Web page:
The terms “call center” and “contact center” are often used interchangeably. While they are indeed similar, they’re not the same. Call centers are all about routing voice calls to agents, while contact centers build upon those voice capabilities to further enhance the customer’s experience. Let’s explore the similarities and differences between these two mission-critical components of your business.
The Value of a Call Center
A call center is a great tool for handling large volumes of inbound and outbound calls effectively, which is still a cornerstone for customer satisfaction. Even though social media or chats might be the shiny new way to communicate with customers, the “old-school” phone call is still the first line of connection between businesses and their customers, accounting for the largest percentage of interactions across the board.
That’s why it’s crucial that call quality is high, and frustrations (such as with an overly convoluted phone tree or high wait times) are kept at a minimum. Responsiveness is high on the list of expectations when someone calls customer service. In fact, a full 83 percent of business buyers in Salesforce’s State of the Connected Consumer report said that it’s important to be routed to the agent who is most knowledgeable about their company’s issue, and 80 percent expect companies to respond to them in real-time.
A properly implemented call center is purpose-built to help you serve your customers in a seamless way. And they’re not just for large enterprises: A company of only five employees can adopt a call center platform that will give the impression that it’s a much larger organization, thanks to smart routing, entrance messages, comfort messages, alternate off-hours routing, and more.
Step Up to a Contact Center
A contact center builds upon those core values of a call center to include additional mechanisms for customers to reach you (such as callback queues), as well as enhanced reporting and monitoring tools (such as a supervisor dashboard and a call recording system). It too can be used for both inbound and outbound communication.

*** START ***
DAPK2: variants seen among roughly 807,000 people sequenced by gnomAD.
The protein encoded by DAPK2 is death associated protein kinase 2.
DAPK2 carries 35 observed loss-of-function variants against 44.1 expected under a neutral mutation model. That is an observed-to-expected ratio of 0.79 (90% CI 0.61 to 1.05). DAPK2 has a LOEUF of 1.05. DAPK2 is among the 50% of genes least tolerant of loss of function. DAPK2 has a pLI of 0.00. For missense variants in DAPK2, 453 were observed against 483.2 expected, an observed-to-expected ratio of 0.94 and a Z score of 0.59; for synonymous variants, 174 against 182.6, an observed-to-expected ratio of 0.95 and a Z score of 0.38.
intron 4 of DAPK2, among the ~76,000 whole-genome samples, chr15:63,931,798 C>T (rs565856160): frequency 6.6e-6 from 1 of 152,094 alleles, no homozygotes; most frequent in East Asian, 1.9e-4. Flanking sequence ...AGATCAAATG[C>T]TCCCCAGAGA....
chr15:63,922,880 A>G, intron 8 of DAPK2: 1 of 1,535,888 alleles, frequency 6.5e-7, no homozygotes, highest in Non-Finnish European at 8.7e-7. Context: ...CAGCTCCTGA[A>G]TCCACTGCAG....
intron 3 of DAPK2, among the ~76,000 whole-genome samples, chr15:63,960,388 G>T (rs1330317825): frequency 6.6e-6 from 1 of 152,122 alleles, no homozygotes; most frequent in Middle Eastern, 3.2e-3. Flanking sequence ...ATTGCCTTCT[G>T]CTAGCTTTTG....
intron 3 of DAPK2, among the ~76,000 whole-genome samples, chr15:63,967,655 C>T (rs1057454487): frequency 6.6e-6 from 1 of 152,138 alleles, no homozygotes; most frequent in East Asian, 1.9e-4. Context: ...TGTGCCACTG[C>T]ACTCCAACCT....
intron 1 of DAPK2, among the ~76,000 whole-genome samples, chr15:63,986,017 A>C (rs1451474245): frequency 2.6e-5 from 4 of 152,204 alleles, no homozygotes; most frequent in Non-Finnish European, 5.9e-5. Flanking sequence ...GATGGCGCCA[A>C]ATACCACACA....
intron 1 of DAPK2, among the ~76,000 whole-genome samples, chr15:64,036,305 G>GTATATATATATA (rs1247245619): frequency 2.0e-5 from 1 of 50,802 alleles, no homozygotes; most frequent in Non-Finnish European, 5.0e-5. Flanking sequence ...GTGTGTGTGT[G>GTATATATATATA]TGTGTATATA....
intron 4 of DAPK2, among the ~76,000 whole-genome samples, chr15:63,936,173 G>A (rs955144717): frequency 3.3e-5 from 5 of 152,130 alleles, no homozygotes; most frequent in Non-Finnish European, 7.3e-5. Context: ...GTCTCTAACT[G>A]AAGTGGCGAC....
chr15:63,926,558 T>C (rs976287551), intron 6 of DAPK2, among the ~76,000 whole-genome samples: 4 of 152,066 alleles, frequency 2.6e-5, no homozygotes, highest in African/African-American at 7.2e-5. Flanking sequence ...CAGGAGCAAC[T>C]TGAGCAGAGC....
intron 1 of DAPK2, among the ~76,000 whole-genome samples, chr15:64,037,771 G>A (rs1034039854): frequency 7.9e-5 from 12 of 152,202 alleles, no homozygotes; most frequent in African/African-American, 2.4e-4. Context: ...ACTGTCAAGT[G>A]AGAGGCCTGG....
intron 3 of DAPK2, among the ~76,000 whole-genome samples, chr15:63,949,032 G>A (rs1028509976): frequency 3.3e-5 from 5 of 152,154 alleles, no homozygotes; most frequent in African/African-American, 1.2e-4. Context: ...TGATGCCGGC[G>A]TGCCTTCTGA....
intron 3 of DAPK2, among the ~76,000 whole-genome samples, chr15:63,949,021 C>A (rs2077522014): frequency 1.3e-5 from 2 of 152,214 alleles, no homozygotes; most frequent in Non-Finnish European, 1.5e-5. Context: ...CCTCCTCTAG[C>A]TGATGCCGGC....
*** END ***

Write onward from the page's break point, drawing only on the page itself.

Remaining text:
Compared to call centers, a contact center incorporates more robust call routing tools right out of the box, such as auto attendants and ACD (automatic call distribution) features. For example, you could combine skill-based routing with ACD to specify that tech support calls from your customers in Mexico should be routed to available agents who are knowledgeable about the product in question and can speak Spanish – a combination which will undoubtedly result in much greater customer satisfaction.
You might be able to build this type of solution with a call center, but it would be an a la carte add-on approach and the capabilities may be limited. To put it another way: if a call center were a hotel for your agents, a contact center would be an all-inclusive resort. Both achieve the same basic purpose, but the contact center gives you everything you need in a single, all-inclusive price.
Which Should You Choose?
There’s no right or wrong answer to this question – it all depends on your business and its requirements. If you need a simple yet powerful way to route inbound calls to a queue of agents, a call center will do wonders for your business. If you’ve got a larger or more complex organization, or if you need more advanced reporting capabilities, a contact center is the ideal solution to suit your needs.
Whether your business chooses a call center or a contact center, the idea of customer-centricity should be at the core of the decision. Even though most businesses strive for a perfect customer experience (CX), only 17 percent would rate their average CX as “excellent.” Your organization therefore has an opportunity to differentiate itself on that front. One way to do that is by accessing reporting tools that will help you analyze the call or contact center’s performance, then make adjustments to your strategy accordingly.